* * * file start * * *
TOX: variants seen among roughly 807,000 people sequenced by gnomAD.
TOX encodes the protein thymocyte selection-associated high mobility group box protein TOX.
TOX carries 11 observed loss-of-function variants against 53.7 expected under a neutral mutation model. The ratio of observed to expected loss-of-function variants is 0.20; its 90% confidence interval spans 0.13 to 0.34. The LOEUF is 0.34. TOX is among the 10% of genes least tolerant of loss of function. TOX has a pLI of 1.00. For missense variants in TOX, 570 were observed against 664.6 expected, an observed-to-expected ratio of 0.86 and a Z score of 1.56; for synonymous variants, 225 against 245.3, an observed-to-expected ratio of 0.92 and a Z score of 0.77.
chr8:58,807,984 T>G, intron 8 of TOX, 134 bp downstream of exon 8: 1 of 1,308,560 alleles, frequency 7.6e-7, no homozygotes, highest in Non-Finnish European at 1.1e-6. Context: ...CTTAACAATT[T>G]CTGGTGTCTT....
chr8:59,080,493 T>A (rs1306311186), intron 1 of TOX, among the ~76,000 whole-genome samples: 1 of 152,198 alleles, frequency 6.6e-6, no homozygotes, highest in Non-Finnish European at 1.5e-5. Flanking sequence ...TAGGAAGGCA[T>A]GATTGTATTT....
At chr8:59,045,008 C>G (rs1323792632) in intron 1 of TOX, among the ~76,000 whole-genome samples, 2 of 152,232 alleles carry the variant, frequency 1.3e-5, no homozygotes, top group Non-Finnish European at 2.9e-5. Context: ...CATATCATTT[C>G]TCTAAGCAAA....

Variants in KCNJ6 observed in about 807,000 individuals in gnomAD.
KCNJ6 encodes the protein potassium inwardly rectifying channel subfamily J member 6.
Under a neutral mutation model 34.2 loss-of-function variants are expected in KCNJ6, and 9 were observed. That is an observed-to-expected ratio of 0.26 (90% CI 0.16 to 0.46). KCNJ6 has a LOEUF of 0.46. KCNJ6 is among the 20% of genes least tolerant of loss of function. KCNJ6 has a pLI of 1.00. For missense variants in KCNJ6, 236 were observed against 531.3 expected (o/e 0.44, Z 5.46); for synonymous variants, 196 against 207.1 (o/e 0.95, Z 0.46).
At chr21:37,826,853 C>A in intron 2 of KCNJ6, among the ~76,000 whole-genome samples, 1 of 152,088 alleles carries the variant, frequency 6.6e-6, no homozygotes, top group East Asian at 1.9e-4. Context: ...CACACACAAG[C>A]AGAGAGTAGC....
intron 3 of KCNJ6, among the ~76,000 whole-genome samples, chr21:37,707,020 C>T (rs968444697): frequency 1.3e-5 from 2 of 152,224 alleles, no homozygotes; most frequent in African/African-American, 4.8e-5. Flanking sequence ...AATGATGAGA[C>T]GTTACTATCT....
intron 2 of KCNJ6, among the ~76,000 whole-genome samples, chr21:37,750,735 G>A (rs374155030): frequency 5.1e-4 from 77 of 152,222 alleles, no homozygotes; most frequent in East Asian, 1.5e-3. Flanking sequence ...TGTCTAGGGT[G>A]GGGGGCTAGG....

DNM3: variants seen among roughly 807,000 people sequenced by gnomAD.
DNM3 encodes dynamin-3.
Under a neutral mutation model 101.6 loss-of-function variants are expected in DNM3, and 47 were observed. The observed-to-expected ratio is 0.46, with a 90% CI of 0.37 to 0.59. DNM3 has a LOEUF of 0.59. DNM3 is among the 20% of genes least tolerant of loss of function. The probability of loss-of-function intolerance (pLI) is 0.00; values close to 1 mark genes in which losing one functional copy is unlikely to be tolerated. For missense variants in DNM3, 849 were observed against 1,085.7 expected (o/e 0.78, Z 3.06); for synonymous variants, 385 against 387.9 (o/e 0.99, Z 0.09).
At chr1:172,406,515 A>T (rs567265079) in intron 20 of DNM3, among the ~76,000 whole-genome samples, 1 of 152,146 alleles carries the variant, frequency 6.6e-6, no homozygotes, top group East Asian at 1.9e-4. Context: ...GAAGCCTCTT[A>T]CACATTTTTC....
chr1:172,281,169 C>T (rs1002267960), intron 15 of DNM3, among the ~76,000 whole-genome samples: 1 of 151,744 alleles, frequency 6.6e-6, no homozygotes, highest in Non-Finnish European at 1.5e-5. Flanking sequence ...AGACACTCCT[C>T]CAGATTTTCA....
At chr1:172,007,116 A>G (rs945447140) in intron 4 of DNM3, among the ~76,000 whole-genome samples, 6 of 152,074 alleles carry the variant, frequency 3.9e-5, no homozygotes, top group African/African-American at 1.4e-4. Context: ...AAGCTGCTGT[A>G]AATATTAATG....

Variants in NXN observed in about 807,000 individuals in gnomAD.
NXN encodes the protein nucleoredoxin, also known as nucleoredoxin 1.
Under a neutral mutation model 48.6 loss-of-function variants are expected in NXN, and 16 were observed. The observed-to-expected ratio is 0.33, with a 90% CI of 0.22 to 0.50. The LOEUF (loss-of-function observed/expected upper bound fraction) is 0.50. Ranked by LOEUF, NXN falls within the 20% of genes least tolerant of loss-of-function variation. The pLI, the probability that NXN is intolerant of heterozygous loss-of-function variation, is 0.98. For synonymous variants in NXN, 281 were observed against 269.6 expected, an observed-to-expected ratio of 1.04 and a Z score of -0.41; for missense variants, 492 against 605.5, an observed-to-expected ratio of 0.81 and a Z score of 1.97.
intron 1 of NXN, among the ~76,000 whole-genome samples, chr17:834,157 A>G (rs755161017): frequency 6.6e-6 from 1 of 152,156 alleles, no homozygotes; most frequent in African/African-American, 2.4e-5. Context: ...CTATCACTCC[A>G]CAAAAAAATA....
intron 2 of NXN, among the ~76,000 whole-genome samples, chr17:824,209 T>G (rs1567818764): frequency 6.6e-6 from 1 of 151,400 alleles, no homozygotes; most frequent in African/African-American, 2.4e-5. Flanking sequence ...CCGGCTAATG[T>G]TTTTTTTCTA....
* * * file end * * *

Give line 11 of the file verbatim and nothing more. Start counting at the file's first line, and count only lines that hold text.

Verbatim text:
intron 3 of KCNJ6, among the ~76,000 whole-genome samples, chr21:37,707,020 C>T (rs968444697): frequency 1.3e-5 from 2 of 152,224 alleles, no homozygotes; most frequent in African/African-American, 4.8e-5. Flanking sequence ...AATGATGAGA[C>T]GTTACTATCT....